How to Become a Stock Investor

by Bonnie Conrad ; Updated July 27, 2017

Items you will need

  • Mutual fund prospectus
  • Mutual fund application
  • 401k application

The stock market can be a good place to invest your money, but you should do your homework before putting your hard-earned cash at risk. Reviewing your stock market options and choosing the ones that best meet your needs is one of the best ways to get started. Chances are you have a number of ways to invest in the stock market, from your 401k plan at work to individual stocks and mutual funds.

Step 1

Contact your employer and review the stock market investments you have at work. If you work for a for profit company, you might have access to a 401k plan that can be invested in the stock market. Employees of public institutions can invest in a 403b plan. In addition, some companies sponsor employee stock purchase plans that allow workers to purchase company stock through payroll deductions.

Step 2

Contact several online brokerage firms if you want to invest in individual stocks. The price of trades at online brokers like E*Trade, TD Ameritrade and Scottrade can be less than $10 each.

Step 3

Review the requirements for an online brokerage account and make sure you meet them. Each broker will have different minimum balance requirements, and if you do not meet the minimum requirements you might be subject to maintenance charges and other fees.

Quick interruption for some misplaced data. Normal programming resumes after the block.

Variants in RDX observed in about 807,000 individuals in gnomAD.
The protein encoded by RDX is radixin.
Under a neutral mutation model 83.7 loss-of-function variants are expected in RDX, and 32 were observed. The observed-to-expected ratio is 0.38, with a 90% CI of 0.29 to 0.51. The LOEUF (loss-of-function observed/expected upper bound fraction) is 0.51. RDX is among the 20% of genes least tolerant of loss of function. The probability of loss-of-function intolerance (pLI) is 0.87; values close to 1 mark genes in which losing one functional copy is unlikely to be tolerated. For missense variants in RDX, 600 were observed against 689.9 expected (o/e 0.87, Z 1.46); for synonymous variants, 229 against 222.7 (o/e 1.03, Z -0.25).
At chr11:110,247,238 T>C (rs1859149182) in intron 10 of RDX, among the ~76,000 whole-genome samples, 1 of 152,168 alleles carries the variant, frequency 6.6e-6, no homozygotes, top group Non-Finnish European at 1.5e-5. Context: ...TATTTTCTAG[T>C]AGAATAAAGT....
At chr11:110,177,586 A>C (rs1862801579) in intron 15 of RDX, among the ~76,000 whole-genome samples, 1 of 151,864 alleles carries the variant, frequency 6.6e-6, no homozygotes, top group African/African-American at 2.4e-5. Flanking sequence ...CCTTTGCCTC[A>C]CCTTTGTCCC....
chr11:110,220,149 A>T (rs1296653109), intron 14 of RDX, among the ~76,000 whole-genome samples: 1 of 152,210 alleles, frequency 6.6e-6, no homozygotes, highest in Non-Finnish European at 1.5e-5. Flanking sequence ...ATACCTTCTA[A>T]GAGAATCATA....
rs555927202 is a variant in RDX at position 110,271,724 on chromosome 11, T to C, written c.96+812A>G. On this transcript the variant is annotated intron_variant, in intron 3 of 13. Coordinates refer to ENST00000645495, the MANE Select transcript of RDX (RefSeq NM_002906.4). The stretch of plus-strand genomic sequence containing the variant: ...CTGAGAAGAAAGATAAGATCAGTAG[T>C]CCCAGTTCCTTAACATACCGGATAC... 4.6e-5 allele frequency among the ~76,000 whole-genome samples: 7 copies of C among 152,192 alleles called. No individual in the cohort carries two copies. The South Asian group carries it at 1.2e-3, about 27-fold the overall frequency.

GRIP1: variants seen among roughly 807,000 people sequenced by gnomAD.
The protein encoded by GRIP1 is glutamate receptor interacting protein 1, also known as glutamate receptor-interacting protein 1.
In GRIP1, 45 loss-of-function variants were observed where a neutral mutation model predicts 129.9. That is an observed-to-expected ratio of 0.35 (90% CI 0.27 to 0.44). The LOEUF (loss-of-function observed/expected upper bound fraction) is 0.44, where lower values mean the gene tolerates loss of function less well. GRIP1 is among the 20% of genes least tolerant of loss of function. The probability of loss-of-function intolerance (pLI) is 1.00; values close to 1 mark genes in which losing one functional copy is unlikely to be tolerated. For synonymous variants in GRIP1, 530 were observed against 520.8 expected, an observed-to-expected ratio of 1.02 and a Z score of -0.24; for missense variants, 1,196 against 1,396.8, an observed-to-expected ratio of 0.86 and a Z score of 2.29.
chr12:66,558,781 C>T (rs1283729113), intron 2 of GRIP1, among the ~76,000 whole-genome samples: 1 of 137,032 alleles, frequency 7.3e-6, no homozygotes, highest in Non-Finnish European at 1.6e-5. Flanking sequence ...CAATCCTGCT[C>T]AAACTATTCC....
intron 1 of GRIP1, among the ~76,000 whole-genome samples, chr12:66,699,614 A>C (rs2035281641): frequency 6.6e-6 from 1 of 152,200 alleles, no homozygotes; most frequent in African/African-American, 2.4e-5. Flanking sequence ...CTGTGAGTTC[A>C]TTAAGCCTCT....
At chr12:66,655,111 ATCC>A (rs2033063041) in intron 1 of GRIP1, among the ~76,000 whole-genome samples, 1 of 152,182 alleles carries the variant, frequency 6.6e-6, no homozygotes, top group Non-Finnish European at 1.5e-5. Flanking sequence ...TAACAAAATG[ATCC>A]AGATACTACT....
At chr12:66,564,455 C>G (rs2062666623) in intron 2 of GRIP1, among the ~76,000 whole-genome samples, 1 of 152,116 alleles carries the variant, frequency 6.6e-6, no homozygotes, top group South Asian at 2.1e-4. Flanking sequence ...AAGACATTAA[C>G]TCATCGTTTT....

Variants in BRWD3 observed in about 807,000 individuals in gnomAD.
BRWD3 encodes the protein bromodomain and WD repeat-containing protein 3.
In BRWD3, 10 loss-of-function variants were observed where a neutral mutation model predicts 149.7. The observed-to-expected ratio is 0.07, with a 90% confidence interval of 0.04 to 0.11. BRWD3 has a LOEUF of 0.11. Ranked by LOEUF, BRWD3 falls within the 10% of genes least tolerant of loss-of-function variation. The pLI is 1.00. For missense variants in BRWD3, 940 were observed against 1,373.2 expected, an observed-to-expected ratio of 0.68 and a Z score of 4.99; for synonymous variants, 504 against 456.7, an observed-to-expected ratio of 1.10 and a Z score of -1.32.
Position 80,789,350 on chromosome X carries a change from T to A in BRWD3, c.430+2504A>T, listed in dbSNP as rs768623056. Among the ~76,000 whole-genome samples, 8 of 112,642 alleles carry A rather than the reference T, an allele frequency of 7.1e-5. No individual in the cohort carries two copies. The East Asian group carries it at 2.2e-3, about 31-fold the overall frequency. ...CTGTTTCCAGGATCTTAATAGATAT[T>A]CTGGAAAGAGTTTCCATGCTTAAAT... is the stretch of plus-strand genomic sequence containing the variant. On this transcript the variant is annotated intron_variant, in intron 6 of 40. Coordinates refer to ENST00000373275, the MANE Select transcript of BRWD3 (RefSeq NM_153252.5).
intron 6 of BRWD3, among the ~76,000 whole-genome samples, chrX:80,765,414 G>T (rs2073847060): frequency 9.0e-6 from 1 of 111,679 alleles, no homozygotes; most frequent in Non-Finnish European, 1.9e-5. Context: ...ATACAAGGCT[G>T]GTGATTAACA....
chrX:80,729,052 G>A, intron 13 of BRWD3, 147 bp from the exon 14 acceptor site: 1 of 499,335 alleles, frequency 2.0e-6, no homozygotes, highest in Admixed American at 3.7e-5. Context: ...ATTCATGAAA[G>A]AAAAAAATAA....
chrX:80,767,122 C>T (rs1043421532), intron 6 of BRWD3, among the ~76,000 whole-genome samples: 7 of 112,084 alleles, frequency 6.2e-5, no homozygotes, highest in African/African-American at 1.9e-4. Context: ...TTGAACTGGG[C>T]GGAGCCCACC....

Step 4

Contact several mutual fund companies and request a prospectus for their managed and index funds. A study of mutual funds reported in Money Magazine found that most managed funds fail to outperform the index over the long-term, so choosing an index fund can be a good move.

Step 5

Complete the application for the online brokerage firm or mutual fund you wish to use, then submit the completed form and your initial deposit to the address listed on the form. Keep in mind that some firms use a separate address for regular and overnight mail, so be sure to send the application to the right address.

Tips

  • Keep copies of all your paperwork with your tax records. You will need this documentation to compute your capital gains when you sell your stocks or mutual funds.

About the Author

Based in Pennsylvania, Bonnie Conrad has been working as a professional freelance writer since 2003. Her work can be seen on Credit Factor, Constant Content and a number of other websites. Conrad also works full-time as a computer technician and loves to write about a number of technician topics. She studied computer technology and business administration at Harrisburg Area Community College.